Advantages of “Smart Grid” technology include helping to avoid, reduce or mitigate power outages by monitoring and communicating area power usages, including any anomalies, continually back to the power company. When outages occur their locations are automatically reported, attempts automatically made to isolate, or “island” problem locations, if possible and also to shunt any available power from adjacent substation grids, whenever or wherever possible, to as many customers as possible who might otherwise be in the dark.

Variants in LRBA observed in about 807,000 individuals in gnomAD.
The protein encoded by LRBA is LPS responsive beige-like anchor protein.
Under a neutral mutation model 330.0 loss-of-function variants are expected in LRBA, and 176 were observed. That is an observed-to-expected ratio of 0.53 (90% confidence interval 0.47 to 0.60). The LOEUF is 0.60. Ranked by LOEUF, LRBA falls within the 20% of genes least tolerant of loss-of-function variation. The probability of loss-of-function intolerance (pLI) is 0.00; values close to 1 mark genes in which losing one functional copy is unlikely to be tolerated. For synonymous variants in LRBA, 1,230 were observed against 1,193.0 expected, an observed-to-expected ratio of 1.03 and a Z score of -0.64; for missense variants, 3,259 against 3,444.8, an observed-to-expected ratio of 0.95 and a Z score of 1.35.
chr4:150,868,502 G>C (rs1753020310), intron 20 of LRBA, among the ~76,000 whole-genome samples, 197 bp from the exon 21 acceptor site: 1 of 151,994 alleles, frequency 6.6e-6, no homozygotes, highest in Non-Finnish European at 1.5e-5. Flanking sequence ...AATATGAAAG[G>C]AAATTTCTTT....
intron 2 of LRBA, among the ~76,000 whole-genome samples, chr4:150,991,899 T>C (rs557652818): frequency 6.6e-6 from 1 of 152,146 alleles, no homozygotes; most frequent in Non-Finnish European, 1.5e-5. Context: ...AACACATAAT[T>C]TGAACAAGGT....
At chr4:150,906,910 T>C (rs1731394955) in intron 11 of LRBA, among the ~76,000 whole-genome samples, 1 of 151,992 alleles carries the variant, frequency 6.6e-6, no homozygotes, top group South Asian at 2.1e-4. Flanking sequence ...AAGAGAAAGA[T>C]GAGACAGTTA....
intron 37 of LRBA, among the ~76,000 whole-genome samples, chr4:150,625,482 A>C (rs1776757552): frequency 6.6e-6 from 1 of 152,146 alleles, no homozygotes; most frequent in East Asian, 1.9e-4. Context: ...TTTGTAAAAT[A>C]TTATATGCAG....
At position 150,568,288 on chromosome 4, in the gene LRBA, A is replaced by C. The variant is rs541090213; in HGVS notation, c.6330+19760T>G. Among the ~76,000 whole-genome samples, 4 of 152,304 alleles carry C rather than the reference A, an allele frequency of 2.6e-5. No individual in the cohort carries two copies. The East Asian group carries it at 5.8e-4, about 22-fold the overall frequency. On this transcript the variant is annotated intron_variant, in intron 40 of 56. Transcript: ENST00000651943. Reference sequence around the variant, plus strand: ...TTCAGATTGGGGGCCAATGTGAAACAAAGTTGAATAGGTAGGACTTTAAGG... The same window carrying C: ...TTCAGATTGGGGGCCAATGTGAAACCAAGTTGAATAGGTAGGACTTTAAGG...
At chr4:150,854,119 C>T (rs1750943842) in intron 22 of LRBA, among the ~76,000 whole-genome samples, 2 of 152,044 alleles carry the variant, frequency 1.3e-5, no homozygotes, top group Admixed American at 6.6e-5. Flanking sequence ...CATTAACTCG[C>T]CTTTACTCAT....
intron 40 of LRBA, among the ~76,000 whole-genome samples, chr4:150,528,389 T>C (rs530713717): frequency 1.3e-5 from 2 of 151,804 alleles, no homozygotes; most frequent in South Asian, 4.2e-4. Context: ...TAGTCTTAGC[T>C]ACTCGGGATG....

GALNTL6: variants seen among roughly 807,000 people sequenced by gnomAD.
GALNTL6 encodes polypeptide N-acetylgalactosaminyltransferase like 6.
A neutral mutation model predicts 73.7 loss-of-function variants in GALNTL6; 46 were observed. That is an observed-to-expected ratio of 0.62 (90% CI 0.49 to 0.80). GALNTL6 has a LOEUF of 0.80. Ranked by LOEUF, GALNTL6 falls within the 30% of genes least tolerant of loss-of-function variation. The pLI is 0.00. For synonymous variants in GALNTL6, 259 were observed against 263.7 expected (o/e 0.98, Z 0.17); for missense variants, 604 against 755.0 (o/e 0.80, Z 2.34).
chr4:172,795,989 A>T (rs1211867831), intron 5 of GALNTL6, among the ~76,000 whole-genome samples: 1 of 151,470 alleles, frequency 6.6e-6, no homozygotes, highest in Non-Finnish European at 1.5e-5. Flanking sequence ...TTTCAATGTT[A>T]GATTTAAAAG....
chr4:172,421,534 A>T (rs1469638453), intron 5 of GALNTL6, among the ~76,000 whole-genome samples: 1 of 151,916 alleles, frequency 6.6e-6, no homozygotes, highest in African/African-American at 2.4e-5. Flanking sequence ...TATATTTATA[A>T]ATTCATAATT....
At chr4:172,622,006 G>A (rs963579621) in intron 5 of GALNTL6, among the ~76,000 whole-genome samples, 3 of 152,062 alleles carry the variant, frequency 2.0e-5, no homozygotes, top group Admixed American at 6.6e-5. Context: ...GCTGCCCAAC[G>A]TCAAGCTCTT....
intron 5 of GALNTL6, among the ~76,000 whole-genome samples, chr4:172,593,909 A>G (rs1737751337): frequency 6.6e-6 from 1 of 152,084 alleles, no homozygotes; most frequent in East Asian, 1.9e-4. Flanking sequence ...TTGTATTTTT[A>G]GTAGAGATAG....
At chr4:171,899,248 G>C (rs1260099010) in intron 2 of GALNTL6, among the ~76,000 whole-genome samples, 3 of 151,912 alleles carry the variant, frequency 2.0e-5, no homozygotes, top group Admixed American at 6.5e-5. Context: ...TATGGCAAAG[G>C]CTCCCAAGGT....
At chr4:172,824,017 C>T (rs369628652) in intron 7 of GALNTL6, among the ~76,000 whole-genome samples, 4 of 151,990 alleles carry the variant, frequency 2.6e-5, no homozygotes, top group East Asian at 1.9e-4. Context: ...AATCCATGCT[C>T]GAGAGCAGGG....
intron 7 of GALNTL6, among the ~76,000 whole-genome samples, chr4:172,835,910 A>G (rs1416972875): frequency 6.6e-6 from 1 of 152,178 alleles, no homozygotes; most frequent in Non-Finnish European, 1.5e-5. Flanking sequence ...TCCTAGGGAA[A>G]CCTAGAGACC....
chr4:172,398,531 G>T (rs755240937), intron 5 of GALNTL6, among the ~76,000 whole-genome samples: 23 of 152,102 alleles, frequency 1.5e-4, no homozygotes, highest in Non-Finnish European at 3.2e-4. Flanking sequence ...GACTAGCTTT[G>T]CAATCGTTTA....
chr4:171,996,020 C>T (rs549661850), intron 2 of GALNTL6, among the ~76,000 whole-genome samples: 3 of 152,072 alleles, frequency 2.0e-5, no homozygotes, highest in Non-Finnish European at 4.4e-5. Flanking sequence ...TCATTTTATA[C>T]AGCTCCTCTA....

But having remote sensing and remote and automatic response capability also improves everyday load management. One notices subtle changes in the brightness of light bulbs when adjustments are made by adding or dropping power sources to meet changing power drain from hour to hour throughout the day and night, for instance. Multi-tap transformers and banks of capacitors can be switched to optimize efficiency by matching changing loads at the substation level. [30] “Smart Grid” automation means this can be extended remotely, out to the neighborhood substation level where capacitors were manually switched in or out seasonally to match anticipated neighborhood peak demands. Such capacitors can compensate for localized under voltages by raising the average voltage by 1% to 2% but such is overcompensation for hours of lighter demand during peak seasonal use periods; their insertion under lighter loads deforms the sine-wave from its optimal shape for driving motors.